Acidic oceans could aid photosynthesis
(PhysOrg.com) -- Groundbreaking Victoria University research shows that ocean acidification may have no negative effect on tropical corals and local sea anemones - in fact it may improve photosynthesis.
Ocean acidification is when carbon dioxide from the atmosphere dissolves into our oceans and makes them more acidic. Research to date has shown that if carbon dioxide emissions are not reduced, ocean acidification could have severe—and irreversible—consequences for marine life.
But Victoria Master’s student Michael Doherty says his research shows that ocean acidification has no negative effect on photosynthesis in the coral and sea anemone he studied, and that it might actually improve the process.
“Plants and algae get carbon from the atmosphere in the form of carbon dioxide, and photosynthesis is the process by which the organism turns this carbon into sugar—providing essential energy for life. Algae live within ‘animals’ like corals and anemones, and through photosynthesis provide energy for themselves and the animal,” says Mr Doherty.
“What we found is that ocean acidification was making the algae photosynthesise more, because more carbon dioxide was available to them. This means they produce more energy for themselves and, as a result, for the animal too.”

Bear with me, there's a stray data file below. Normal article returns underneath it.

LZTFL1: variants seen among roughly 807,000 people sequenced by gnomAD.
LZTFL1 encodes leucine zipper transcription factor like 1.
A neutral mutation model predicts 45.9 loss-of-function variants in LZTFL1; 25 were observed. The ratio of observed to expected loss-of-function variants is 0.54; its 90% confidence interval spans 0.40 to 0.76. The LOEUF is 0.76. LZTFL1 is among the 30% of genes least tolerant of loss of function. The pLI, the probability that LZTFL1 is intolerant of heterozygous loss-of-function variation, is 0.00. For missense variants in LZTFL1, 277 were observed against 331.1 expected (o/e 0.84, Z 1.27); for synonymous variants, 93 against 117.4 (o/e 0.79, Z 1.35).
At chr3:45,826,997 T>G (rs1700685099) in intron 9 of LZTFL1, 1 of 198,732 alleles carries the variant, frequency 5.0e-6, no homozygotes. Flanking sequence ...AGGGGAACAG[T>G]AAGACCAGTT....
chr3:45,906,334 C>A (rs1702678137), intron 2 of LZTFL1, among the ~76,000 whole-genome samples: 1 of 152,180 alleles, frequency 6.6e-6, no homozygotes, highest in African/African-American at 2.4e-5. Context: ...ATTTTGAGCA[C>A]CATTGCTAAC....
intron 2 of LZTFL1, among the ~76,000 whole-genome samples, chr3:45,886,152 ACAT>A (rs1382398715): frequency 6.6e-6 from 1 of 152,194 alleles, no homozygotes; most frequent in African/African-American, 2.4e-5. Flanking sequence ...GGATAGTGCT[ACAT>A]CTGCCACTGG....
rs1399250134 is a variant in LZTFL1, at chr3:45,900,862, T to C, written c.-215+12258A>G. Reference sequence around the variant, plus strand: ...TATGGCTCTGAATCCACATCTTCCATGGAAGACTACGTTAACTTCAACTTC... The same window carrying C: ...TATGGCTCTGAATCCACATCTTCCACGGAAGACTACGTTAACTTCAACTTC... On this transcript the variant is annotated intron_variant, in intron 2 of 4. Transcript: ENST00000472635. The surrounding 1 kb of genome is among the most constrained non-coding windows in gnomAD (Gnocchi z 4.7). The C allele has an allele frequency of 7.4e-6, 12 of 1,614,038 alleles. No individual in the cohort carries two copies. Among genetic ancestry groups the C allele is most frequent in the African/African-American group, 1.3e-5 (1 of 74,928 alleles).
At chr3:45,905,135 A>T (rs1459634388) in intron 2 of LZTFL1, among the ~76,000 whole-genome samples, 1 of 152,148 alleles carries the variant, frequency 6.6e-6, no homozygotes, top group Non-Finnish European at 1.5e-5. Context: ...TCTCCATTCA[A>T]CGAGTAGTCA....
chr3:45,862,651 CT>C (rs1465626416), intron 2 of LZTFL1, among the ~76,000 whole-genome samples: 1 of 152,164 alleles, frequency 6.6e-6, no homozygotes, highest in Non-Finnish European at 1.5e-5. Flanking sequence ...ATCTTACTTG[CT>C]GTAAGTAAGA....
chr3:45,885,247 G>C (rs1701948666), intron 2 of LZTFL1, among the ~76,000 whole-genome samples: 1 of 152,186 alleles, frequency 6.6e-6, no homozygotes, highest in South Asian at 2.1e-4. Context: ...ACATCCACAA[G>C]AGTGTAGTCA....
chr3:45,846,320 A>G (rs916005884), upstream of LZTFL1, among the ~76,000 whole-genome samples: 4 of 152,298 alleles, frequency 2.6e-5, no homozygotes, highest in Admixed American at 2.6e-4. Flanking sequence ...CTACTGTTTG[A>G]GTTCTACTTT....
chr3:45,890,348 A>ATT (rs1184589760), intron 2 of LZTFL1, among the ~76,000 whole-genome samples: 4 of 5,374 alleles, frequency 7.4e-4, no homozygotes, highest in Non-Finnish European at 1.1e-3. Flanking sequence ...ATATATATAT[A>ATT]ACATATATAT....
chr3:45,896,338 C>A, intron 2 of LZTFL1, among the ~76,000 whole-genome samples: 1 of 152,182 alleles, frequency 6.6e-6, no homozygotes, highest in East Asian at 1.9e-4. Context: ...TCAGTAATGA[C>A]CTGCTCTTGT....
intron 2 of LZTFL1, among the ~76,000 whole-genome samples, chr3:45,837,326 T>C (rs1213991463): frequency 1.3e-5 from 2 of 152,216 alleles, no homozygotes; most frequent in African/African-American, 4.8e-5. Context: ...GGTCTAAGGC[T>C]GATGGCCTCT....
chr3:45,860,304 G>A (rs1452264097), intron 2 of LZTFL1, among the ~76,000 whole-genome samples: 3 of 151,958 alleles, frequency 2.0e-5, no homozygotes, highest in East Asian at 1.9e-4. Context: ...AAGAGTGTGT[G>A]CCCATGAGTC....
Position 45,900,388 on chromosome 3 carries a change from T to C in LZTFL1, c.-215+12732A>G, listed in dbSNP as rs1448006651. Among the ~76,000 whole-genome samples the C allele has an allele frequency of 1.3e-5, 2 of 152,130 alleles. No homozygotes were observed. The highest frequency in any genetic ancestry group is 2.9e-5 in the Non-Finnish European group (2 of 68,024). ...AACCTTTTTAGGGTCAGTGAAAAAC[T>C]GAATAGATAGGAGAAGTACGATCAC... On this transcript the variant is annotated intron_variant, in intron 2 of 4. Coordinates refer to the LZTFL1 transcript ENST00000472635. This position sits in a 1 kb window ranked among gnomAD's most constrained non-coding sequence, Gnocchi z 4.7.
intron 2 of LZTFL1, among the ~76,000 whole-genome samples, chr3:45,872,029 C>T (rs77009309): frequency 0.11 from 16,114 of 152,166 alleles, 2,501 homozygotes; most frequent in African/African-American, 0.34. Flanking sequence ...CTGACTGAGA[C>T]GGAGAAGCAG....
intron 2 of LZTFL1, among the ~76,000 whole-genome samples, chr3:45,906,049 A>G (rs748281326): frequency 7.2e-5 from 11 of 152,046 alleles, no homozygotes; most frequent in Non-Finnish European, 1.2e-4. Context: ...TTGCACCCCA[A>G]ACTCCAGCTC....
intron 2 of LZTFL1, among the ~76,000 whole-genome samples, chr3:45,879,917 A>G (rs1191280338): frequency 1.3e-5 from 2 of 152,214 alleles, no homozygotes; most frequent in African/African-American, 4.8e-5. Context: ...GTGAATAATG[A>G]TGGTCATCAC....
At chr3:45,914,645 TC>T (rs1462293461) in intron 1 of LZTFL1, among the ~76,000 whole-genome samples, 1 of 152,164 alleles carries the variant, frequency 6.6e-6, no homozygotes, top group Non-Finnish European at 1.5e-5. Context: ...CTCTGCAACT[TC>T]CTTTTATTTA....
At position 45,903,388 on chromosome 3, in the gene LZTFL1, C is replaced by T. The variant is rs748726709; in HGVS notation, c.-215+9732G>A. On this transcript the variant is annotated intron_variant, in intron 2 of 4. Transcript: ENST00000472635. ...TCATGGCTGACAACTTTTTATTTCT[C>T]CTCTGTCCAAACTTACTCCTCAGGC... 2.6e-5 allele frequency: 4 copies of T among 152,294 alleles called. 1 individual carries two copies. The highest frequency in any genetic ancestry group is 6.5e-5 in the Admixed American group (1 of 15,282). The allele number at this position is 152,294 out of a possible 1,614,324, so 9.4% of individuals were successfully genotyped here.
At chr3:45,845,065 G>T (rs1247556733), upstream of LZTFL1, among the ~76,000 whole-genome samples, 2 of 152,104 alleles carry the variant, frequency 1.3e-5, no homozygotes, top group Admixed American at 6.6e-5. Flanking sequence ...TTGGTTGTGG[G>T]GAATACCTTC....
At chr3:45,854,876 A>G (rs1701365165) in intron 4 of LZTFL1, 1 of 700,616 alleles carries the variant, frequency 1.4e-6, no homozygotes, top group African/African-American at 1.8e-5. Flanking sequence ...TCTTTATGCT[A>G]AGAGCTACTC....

However, he says the energy needs of the animal seem to increase too, meaning the coral or anemone is likely to be no better or worse off.
He says it’s important to note that although from a photosynthetic point of view tropical corals may be fine in acidic waters, there is still a risk.
“The tropical coral already faces a problem in that it won’t be able to form a skeleton in predicted acidic conditions. Sea anemones on the other hand won’t face this problem because they have no skeleton to begin with—so it’s entirely likely that they could be better off in acidic waters.”
He says the value of coral reef communities to human life cannot be understated. “Fifteen percent of the world’s population lives within 100 km of a coral reef, and millions depend on this resource for their survival. This research better equips us to predict and manage the impacts of climate change on this extremely important ecosystem.”
He also says research in this field is particularly important for New Zealand. “Acidified oceans are predicted to hit the poles first and head to the equator—meaning that New Zealand will experience it before the tropics do. What we see here is an indicator for what may happen in the more diverse and economically important coral regions elsewhere.”
Provided by Victoria University